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Us Vs. Them – We Are Both

by Karen Tortora-Lee on March 23, 2011

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It’s rare that a six-degrees of separation type plot unravels as elegantly as Us vs. Them.

The play, written by Wesley Broulik and directed by Michelle Seaton, begins simply enough at a road side rest stop where two sisters have pulled over to take a break, stock up on some fortifying snacks, and continue to get reacquainted after an apparently long estrangement.

It’s Christmas time and Nicole (Siouxsie Suarez) has made the trip to pick up her sister, Katy (Maria Itzel Siegrist), so that they can spend the holiday with their ailing mother. Throughout the conversation bits and pieces of their family’s history come out in a natural, off handed way, with out the awkwardly phrased exposition some playwrights will fall back on which often tends to cripple a scene and take the audience right out of the moment. Rather, Katy and Nicole have the same awkward hesitancy which can flip into don’t-try-it-because-I-know-exactly-how-to-press-your-buttons and back again – something that can only come naturally from two sisters who grew up close and then grew apart.

From this initial scene we then move through a series of one-act vignettes which all stem from these two main branches; each building upon the last, each new story having been referenced in an erlier scene either as an important footnote or merely as background information. Therefore, when we next see Katy the timeline has shifted and we are (it seems) seeing her right before the road trip has occured when she is having a night with her romantic interest, the firefighter Kris (Christopher Halladay). From their scene together we find out a little bit more about the life Katy’s been leading since moving away; we also find out about Kris and his teen daughter Dannie (Dannie Flanagan). Much later, we will meet Dannie as she and her father deal head-on with Dannie’s leap into adulthood and her first serious sexual relationship.

Nicole’s story is similarly interwoven. We are brought back to a night that occurred before the road trip for her as well and we meet her partner, a vulnerable yet angry woman named T (Michelle Steaton), who is simultaneously hateful and heartbreaking. It’s obvious the two women have a lot of baggage that they brought into the relationship – problems with alcohol, trust issues, violent tendencies, but despite it all there is a real love between them that struggles to persevere. T speaks of a past that she needed to leave behind – and soon enough that past is unfolding before us as she goes back home for her own Christmas visit. We meet her father Eddie (Eric Michael Gillet), T’s sister Barbara (Brooke Page) and Barbara’s husband Howard (Welsey Broulik). Once we see this bunch suddenly T’s anger doesn’t seem so unprovoked anymore.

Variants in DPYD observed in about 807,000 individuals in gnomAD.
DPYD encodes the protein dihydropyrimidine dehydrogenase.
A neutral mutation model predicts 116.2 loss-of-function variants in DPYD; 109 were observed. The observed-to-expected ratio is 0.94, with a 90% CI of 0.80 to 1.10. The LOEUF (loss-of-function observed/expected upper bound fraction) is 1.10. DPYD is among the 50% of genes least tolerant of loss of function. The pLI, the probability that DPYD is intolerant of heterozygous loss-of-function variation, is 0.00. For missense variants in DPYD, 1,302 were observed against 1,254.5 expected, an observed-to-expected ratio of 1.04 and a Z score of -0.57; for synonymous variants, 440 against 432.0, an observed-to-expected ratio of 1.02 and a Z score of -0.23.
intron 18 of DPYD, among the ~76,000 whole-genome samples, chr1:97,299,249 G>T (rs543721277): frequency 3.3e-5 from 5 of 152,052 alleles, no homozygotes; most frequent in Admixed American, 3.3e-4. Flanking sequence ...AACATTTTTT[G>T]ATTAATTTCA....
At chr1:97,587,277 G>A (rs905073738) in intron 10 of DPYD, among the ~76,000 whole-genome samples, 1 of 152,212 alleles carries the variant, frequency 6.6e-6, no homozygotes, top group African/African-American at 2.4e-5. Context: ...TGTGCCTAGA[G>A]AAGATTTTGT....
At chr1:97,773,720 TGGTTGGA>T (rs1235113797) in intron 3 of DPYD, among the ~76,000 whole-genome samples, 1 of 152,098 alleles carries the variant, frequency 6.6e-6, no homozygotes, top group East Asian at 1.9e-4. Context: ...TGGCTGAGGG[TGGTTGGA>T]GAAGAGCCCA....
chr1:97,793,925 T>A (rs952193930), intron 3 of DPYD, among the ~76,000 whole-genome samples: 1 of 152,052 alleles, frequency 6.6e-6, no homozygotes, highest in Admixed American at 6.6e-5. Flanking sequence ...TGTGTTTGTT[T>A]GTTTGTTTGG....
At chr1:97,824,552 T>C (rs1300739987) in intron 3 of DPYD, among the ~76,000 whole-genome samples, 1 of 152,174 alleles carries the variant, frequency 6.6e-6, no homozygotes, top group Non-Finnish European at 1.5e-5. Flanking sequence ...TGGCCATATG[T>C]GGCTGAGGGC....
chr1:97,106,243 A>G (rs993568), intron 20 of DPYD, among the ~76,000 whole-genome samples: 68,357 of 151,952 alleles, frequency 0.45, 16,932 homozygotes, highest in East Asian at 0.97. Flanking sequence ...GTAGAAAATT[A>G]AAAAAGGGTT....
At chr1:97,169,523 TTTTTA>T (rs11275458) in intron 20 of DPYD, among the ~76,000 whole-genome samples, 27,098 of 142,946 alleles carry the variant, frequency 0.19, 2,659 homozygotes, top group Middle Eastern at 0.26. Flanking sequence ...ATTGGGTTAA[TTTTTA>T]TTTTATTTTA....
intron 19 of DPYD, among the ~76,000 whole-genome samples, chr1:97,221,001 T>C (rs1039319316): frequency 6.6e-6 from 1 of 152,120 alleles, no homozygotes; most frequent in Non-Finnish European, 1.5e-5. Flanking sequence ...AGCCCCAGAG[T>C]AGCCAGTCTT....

T (Michelle Seaton) tries with all her might not to kill her idiotic, cheating brother in-law Howard (Wesley Broulik) | Photo by Yolanda Suarez

T (Michelle Seaton) tries with all her might not to kill her idiotic, cheating brother in-law Howard (Wesley Broulik) | Photo by Yolanda Suarez

The character of Howard is played by playwright Broulik and to his credit he doesn’t cast himself as the hero of this piece – rather he’s probably the most deserving of a punch in the face. (I won’t give anything away, but in a family like this one, chances are good that he gets it). Howard is demeaning to all those around him, speaks to his wife Barbara as if she were stupid, and has very little respect for the family he’s married into. In fact, he does a great job of making some unlikeable people seem a lot more likeable when he’s around.

And that’s the gift of Broulik the playwright. In Us vs. Them he’s managed to make you dislike a character for their failings one moment and then staunchly defend them as they come under attack the next moment. His gift of being able to present a fully formed character is as sharp as his ability to create a wonderfully knitted storyline that walks right up to the edge of sentimentality without tipping over into the marsh of sappy. There will be moments during this show that will have you nodding in recognition, as well as recoiling in revulsion. And it is exactly because these human beings are frayed, chipped, scarred and wrinkled that they are so real. Some times they are Us. Some times they are Them. Throughout it all – they are worth seeing.


Dark Luna
Us vs. Them
Roy Arias Studio’s Payan Theatre
300 West 43rd Street, NYC
Runs through Saturday, March 26 at 8pm
Us vs. Them is 80 minutes with no intermission.
Click Here for tickets
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